The DNAinfo archives brought to you by WNYC.
Read the press release here.

Chatham Food Market Hosts Annual Cookout

By Wendell Hutson | July 2, 2013 6:50am
 The Chatham Food Market is sponsoring its fifth annual Fourth of July cookout from 1-5 p.m. in the parking lot.
Chatham Food Market
View Full Caption

CHATHAM — The Chatham Food Market will host its fifth annual cookout on the Fourth of July as a way of giving back to the community for their continued support, said Allen Kleit, general manager.

"There are other places residents could go to do their grocery shopping, but they choose to shop with us and this is our way of saying thank you," Kleit said. "We enjoy doing community events and hope to do more this year."

The event will take place in the parking lot, 327 E. 79th St., from 1-5 p.m., and music will be provided by local singer Carl Brown. Free six-inch hoagies, potato chips and bottled water will be handed out. Neighborhood food vendors will have tables set up in the lot distributing free food samples.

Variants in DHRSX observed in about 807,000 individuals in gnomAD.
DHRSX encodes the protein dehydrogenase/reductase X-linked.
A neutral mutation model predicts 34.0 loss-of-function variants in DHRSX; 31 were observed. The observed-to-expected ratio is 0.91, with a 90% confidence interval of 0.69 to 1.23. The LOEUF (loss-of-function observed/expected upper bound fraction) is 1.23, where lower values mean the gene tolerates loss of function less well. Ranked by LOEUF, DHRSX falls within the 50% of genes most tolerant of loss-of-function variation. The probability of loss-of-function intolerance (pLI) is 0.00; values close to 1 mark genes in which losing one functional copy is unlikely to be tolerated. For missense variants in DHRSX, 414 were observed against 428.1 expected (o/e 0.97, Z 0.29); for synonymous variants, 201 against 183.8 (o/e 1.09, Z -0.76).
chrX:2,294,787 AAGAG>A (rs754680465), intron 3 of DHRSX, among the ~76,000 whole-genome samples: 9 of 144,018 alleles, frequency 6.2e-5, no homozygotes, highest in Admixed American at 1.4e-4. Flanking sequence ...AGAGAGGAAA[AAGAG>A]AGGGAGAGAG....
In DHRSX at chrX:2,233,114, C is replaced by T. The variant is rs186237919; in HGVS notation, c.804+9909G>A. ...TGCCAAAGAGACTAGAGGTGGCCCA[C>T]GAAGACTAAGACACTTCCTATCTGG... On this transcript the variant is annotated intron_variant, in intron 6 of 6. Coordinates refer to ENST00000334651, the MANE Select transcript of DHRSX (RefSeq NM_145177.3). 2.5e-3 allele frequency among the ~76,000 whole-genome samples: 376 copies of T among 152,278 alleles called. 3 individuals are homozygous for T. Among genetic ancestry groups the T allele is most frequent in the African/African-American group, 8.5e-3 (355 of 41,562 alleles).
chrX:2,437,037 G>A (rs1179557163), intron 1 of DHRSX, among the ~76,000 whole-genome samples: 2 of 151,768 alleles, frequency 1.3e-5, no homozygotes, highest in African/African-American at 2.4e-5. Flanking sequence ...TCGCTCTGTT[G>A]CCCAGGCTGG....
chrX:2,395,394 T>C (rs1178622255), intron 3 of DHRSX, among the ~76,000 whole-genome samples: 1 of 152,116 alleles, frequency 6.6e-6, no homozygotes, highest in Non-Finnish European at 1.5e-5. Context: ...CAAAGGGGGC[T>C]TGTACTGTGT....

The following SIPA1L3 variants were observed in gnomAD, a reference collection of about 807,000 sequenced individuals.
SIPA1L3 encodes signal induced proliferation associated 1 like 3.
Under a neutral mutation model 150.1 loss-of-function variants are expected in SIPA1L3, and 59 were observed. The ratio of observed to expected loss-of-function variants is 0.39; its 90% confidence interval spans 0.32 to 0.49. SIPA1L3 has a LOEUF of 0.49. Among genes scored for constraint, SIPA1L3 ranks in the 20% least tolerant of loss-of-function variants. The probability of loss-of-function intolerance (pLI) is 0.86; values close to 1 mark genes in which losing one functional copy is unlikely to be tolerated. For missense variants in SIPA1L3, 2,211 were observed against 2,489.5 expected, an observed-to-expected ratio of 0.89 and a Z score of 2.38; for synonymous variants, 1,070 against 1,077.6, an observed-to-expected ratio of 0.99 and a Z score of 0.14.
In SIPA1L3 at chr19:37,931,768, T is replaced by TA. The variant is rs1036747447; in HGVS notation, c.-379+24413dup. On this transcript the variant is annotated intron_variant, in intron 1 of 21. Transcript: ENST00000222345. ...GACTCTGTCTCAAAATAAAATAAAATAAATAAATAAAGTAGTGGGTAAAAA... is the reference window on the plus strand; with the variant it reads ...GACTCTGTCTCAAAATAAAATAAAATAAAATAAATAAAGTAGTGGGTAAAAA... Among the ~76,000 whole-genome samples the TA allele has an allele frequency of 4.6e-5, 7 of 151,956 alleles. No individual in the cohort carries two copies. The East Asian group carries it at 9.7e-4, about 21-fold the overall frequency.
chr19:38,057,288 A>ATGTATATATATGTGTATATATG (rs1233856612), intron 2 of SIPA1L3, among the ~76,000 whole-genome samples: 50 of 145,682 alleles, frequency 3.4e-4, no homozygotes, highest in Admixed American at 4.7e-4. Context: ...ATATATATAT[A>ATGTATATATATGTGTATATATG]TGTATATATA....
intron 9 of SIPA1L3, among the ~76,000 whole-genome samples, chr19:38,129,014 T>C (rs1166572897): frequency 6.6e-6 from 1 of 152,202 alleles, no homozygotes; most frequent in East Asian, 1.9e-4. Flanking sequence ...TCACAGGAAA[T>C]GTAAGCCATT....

"For the cookout we wanted to keep it healthy. That's why we won't be serving any pop," Kleit said.

Healthy eating is what Linda Turner, 63, said she prefers.

"I don't believe in all that fried foods anyway. I don't know how people can digest that stuff," said Turner, a retired teacher and Chatham resident for 10 years.

Garner Beanland, 64, who lives in Grand Crossing, also shops at the Chatham Food Market.

"Even though I will be cooking at home on the fourth, I'll probably stop by the barbecue because I think it is good for the community," said Beanland, who recently retired as a hospitality worker after 28 years. "I shop [at Chatham Food Market] because their meats are usually on sale versus other places. I have been shopping there for seven years and I don't plan on going nowhere [else]."

The struggling economy is all the more reason Kleit said businesses should help out as much as possible.

"We tried to get sponsorship for other events but that has not happened yet. A lot of businesses are cutting back from sponsorship because of the economy," Kleit said. "But we didn't want cutbacks to hurt the community that has been nothing but good to us."